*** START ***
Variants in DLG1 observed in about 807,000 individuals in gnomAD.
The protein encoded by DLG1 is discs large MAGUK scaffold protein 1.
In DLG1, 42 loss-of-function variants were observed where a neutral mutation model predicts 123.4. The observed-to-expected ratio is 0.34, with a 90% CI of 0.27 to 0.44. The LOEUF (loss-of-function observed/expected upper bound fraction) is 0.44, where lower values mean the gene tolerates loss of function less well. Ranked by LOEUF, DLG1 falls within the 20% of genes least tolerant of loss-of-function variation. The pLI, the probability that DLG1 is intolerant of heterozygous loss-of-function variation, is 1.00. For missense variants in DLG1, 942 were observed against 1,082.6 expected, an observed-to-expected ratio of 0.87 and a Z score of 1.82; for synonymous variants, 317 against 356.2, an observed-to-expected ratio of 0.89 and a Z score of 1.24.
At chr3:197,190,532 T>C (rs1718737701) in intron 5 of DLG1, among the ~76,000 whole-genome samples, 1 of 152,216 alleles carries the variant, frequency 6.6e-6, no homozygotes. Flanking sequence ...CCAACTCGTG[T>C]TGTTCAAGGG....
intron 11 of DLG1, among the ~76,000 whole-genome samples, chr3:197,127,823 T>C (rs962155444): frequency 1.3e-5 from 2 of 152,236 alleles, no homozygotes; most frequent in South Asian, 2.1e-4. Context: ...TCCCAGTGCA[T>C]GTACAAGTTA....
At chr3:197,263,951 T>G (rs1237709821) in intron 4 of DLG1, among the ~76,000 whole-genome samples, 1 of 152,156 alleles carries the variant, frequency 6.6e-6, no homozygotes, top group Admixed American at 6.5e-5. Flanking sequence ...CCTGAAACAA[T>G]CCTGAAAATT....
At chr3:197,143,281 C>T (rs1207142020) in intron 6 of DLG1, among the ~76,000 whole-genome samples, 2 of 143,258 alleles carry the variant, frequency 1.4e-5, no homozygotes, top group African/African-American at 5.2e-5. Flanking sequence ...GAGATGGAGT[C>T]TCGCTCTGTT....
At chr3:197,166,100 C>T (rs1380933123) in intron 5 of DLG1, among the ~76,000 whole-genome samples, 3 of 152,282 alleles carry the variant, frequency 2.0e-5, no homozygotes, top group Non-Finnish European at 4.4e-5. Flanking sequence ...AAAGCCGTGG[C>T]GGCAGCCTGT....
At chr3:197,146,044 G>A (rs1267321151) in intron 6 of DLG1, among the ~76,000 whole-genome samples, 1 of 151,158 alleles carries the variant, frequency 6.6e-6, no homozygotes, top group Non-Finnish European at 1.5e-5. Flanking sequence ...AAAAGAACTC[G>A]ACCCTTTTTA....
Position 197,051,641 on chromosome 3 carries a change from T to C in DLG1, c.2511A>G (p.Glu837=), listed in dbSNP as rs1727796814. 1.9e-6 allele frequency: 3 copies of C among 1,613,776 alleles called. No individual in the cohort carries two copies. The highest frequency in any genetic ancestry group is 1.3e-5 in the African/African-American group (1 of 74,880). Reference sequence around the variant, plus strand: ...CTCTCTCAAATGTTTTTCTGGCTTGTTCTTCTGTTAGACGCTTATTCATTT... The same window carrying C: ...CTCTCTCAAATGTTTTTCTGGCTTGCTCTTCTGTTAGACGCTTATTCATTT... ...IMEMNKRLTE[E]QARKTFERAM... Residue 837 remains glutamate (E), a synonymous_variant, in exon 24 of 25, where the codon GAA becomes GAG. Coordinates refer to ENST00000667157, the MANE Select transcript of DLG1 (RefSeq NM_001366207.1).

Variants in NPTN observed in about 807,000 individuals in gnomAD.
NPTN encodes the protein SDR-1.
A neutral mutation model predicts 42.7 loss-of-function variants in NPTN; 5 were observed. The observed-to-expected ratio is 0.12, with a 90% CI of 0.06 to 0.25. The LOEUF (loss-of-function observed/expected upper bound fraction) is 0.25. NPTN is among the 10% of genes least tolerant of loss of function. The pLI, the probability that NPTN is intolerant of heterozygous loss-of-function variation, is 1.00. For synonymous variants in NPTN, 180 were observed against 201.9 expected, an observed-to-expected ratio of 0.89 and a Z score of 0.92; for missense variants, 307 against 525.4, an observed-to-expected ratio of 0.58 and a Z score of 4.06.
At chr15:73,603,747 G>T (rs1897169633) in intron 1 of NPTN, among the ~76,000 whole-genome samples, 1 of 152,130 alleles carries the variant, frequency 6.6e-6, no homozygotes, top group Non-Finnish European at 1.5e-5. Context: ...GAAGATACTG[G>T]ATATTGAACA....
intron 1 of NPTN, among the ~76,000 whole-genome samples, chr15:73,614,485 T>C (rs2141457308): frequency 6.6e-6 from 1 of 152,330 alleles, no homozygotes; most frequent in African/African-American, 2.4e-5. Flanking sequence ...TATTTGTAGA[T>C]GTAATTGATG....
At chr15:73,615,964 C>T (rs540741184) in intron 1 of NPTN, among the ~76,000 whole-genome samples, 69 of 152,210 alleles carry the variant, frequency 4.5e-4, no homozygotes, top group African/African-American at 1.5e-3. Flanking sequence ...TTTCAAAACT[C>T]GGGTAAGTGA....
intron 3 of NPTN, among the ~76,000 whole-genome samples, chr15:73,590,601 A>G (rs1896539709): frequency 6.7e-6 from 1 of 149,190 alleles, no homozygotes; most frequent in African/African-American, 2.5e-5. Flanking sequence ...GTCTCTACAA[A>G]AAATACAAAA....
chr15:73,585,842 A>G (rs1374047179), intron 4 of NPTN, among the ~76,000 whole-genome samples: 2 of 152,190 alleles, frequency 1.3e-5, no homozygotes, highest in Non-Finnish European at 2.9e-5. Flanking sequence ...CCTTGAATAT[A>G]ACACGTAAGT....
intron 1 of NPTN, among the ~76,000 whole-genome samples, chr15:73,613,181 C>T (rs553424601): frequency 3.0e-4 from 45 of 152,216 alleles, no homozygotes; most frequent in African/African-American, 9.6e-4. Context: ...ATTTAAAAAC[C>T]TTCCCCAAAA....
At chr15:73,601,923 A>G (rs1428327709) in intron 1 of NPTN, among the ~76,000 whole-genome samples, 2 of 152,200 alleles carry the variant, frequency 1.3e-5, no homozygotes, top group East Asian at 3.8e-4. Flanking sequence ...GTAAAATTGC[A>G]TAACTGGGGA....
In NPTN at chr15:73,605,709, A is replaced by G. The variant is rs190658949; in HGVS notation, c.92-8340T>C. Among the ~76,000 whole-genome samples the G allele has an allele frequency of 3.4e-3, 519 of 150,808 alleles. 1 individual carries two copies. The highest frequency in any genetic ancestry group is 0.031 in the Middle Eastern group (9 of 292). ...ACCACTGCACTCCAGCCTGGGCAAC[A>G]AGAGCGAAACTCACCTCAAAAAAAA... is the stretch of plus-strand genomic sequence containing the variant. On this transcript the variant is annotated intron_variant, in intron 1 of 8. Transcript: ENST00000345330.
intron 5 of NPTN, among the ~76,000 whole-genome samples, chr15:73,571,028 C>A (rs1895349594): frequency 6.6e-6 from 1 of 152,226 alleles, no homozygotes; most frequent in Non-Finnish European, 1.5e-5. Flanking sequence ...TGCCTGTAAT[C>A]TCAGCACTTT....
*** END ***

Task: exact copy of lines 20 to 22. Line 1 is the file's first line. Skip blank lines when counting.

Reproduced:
At chr15:73,601,923 A>G (rs1428327709) in intron 1 of NPTN, among the ~76,000 whole-genome samples, 2 of 152,200 alleles carry the variant, frequency 1.3e-5, no homozygotes, top group East Asian at 3.8e-4. Flanking sequence ...GTAAAATTGC[A>G]TAACTGGGGA....
In NPTN at chr15:73,605,709, A is replaced by G. The variant is rs190658949; in HGVS notation, c.92-8340T>C. Among the ~76,000 whole-genome samples the G allele has an allele frequency of 3.4e-3, 519 of 150,808 alleles. 1 individual carries two copies. The highest frequency in any genetic ancestry group is 0.031 in the Middle Eastern group (9 of 292). ...ACCACTGCACTCCAGCCTGGGCAAC[A>G]AGAGCGAAACTCACCTCAAAAAAAA... is the stretch of plus-strand genomic sequence containing the variant. On this transcript the variant is annotated intron_variant, in intron 1 of 8. Transcript: ENST00000345330.
intron 5 of NPTN, among the ~76,000 whole-genome samples, chr15:73,571,028 C>A (rs1895349594): frequency 6.6e-6 from 1 of 152,226 alleles, no homozygotes; most frequent in Non-Finnish European, 1.5e-5. Flanking sequence ...TGCCTGTAAT[C>A]TCAGCACTTT....